A - Yeah. for instance, when Robin Zander is on stage he's gonna sing Cheap Trick songs. Robin is also going to sing "Rebel Yell" because Steve Stevens is playing guitar. I'm going to sing "Going Down" with Billy (Gibbons) because Freddie King is one of his favorites. So, we're playing ZZ (Top) songs. We're playing Deep Purple songs. We're playing Guns 'N' Roses songs. So we're doing the hits, but we're also doing a couple of cover songs that we think are appropriate. I'm also right now working with Billy Ray Cyrus on songs we're working on together, which we will announce soon. That's going really well. It's another genre for me. It's a beautiful thing. I love Billy Ray very much. There's a lot of things going on that we'll obviously announce as we move forward this year.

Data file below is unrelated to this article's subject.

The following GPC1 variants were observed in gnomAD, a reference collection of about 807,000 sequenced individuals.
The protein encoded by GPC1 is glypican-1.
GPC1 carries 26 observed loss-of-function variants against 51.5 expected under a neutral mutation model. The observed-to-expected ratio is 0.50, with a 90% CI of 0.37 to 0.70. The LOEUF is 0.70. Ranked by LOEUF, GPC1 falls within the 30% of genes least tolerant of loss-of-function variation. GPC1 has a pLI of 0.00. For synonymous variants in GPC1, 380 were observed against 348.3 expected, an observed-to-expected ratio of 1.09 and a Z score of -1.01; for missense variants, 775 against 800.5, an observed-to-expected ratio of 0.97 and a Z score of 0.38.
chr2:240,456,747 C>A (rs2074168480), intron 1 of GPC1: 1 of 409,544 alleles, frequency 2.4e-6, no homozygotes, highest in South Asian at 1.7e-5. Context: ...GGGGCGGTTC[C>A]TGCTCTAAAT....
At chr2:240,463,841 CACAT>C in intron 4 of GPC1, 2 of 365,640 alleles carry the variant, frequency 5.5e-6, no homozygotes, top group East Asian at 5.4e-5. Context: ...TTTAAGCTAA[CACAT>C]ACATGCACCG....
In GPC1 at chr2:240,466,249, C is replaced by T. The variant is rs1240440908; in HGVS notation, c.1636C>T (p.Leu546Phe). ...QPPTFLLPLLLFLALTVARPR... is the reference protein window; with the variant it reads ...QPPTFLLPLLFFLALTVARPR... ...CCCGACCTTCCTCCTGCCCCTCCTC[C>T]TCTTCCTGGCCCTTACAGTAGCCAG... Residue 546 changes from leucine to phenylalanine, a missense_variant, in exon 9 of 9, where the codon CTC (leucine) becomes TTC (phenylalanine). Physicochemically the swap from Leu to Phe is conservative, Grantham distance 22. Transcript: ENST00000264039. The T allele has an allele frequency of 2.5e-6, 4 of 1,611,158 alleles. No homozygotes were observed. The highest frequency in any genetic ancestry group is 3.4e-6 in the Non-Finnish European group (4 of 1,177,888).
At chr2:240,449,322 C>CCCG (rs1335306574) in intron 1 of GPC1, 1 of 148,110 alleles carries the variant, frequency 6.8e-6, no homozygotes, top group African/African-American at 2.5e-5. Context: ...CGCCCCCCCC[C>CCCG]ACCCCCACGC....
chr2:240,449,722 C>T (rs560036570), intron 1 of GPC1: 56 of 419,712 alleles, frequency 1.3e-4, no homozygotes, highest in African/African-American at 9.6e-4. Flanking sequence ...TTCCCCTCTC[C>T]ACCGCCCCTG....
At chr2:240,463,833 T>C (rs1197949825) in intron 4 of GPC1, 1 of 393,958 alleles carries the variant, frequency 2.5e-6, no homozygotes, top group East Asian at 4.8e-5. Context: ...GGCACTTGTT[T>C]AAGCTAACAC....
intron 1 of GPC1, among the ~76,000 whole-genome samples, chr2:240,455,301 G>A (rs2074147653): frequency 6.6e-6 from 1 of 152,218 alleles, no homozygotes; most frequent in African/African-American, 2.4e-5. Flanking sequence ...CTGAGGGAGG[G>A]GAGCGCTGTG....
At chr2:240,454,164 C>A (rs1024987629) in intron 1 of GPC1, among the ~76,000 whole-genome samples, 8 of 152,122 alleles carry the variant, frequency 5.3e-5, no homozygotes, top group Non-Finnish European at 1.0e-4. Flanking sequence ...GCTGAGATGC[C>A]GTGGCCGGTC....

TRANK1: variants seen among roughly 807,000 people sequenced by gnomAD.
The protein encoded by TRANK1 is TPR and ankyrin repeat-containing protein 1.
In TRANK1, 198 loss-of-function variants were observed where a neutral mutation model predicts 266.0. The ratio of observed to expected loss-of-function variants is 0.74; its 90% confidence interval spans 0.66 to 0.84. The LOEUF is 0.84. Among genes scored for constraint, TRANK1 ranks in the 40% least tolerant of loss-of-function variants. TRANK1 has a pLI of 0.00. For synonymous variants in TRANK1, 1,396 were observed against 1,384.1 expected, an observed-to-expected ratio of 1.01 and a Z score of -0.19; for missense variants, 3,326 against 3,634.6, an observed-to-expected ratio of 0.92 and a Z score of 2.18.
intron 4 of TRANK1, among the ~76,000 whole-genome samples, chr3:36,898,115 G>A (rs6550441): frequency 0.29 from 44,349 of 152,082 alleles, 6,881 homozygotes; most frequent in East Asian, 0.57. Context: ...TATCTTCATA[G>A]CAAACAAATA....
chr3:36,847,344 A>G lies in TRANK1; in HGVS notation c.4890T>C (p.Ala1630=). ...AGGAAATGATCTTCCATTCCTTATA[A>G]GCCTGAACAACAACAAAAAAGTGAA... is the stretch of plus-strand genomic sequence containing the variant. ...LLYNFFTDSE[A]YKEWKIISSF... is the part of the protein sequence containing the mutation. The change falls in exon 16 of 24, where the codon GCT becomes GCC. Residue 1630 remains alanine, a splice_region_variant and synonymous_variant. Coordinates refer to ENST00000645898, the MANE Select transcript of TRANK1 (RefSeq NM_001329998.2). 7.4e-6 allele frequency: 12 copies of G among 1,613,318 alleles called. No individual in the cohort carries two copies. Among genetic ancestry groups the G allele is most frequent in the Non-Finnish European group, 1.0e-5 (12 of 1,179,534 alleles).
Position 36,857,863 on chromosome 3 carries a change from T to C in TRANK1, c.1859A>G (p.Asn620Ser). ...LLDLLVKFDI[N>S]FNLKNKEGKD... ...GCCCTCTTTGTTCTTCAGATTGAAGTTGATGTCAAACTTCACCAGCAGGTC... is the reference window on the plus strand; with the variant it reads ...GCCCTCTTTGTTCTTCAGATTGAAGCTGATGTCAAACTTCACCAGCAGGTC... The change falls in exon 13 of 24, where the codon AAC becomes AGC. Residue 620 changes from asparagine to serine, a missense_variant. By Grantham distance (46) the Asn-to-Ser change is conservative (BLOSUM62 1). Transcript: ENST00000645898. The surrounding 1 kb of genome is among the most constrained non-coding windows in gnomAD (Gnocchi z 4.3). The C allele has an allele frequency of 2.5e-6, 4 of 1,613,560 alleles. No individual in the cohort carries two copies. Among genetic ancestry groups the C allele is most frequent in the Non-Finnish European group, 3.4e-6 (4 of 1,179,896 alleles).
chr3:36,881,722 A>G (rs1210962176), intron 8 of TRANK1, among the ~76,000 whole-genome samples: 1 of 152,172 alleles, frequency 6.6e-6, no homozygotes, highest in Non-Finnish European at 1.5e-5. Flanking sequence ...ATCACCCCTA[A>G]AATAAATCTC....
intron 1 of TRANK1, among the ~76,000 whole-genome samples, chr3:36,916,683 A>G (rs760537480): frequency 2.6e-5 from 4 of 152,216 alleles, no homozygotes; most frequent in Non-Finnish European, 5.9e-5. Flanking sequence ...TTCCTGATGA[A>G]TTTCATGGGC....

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Deep Purple